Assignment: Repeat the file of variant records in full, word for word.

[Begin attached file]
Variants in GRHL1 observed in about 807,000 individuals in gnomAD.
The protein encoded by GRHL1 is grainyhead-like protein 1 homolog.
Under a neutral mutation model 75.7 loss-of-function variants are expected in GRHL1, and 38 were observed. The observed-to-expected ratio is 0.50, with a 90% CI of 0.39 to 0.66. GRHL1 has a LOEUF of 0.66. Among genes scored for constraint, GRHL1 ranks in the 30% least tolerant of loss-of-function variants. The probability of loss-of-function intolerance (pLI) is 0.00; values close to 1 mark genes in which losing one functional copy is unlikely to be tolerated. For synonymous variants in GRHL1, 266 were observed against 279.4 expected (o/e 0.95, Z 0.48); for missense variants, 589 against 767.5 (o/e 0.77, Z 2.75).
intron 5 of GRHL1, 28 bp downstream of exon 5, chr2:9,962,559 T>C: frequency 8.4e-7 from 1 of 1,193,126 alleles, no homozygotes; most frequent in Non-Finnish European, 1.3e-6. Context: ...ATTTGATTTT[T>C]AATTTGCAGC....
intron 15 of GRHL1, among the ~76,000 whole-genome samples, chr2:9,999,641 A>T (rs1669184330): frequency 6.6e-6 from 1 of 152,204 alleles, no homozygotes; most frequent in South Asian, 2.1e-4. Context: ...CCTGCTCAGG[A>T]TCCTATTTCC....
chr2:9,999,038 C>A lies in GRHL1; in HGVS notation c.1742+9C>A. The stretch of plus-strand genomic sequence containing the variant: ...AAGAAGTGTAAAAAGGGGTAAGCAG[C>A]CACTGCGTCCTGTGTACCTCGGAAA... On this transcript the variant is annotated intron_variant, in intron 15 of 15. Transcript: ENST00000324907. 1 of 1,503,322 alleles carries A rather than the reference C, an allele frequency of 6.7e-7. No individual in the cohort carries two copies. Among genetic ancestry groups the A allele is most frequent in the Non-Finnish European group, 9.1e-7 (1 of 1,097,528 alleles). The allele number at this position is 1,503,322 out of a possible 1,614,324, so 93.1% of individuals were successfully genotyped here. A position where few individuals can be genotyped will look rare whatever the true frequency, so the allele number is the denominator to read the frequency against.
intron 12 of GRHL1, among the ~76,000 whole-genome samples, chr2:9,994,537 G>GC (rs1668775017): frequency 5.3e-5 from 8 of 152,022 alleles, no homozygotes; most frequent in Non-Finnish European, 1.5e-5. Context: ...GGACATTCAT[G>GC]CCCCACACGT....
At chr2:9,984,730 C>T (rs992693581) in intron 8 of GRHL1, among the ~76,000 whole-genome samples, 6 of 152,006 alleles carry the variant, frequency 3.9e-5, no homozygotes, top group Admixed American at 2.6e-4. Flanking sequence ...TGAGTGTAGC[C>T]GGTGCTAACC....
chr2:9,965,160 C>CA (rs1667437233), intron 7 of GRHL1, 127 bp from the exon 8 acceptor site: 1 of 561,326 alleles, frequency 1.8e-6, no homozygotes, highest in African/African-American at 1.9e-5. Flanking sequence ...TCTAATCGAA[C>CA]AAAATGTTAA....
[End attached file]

Variants in GRHL1 observed in about 807,000 individuals in gnomAD.
The protein encoded by GRHL1 is grainyhead-like protein 1 homolog.
Under a neutral mutation model 75.7 loss-of-function variants are expected in GRHL1, and 38 were observed. The observed-to-expected ratio is 0.50, with a 90% CI of 0.39 to 0.66. GRHL1 has a LOEUF of 0.66. Among genes scored for constraint, GRHL1 ranks in the 30% least tolerant of loss-of-function variants. The probability of loss-of-function intolerance (pLI) is 0.00; values close to 1 mark genes in which losing one functional copy is unlikely to be tolerated. For synonymous variants in GRHL1, 266 were observed against 279.4 expected (o/e 0.95, Z 0.48); for missense variants, 589 against 767.5 (o/e 0.77, Z 2.75).
intron 5 of GRHL1, 28 bp downstream of exon 5, chr2:9,962,559 T>C: frequency 8.4e-7 from 1 of 1,193,126 alleles, no homozygotes; most frequent in Non-Finnish European, 1.3e-6. Context: ...ATTTGATTTT[T>C]AATTTGCAGC....
intron 15 of GRHL1, among the ~76,000 whole-genome samples, chr2:9,999,641 A>T (rs1669184330): frequency 6.6e-6 from 1 of 152,204 alleles, no homozygotes; most frequent in South Asian, 2.1e-4. Context: ...CCTGCTCAGG[A>T]TCCTATTTCC....
chr2:9,999,038 C>A lies in GRHL1; in HGVS notation c.1742+9C>A. The stretch of plus-strand genomic sequence containing the variant: ...AAGAAGTGTAAAAAGGGGTAAGCAG[C>A]CACTGCGTCCTGTGTACCTCGGAAA... On this transcript the variant is annotated intron_variant, in intron 15 of 15. Transcript: ENST00000324907. 1 of 1,503,322 alleles carries A rather than the reference C, an allele frequency of 6.7e-7. No individual in the cohort carries two copies. Among genetic ancestry groups the A allele is most frequent in the Non-Finnish European group, 9.1e-7 (1 of 1,097,528 alleles). The allele number at this position is 1,503,322 out of a possible 1,614,324, so 93.1% of individuals were successfully genotyped here. A position where few individuals can be genotyped will look rare whatever the true frequency, so the allele number is the denominator to read the frequency against.
intron 12 of GRHL1, among the ~76,000 whole-genome samples, chr2:9,994,537 G>GC (rs1668775017): frequency 5.3e-5 from 8 of 152,022 alleles, no homozygotes; most frequent in Non-Finnish European, 1.5e-5. Context: ...GGACATTCAT[G>GC]CCCCACACGT....
At chr2:9,984,730 C>T (rs992693581) in intron 8 of GRHL1, among the ~76,000 whole-genome samples, 6 of 152,006 alleles carry the variant, frequency 3.9e-5, no homozygotes, top group Admixed American at 2.6e-4. Flanking sequence ...TGAGTGTAGC[C>T]GGTGCTAACC....
chr2:9,965,160 C>CA (rs1667437233), intron 7 of GRHL1, 127 bp from the exon 8 acceptor site: 1 of 561,326 alleles, frequency 1.8e-6, no homozygotes, highest in African/African-American at 1.9e-5. Flanking sequence ...TCTAATCGAA[C>CA]AAAATGTTAA....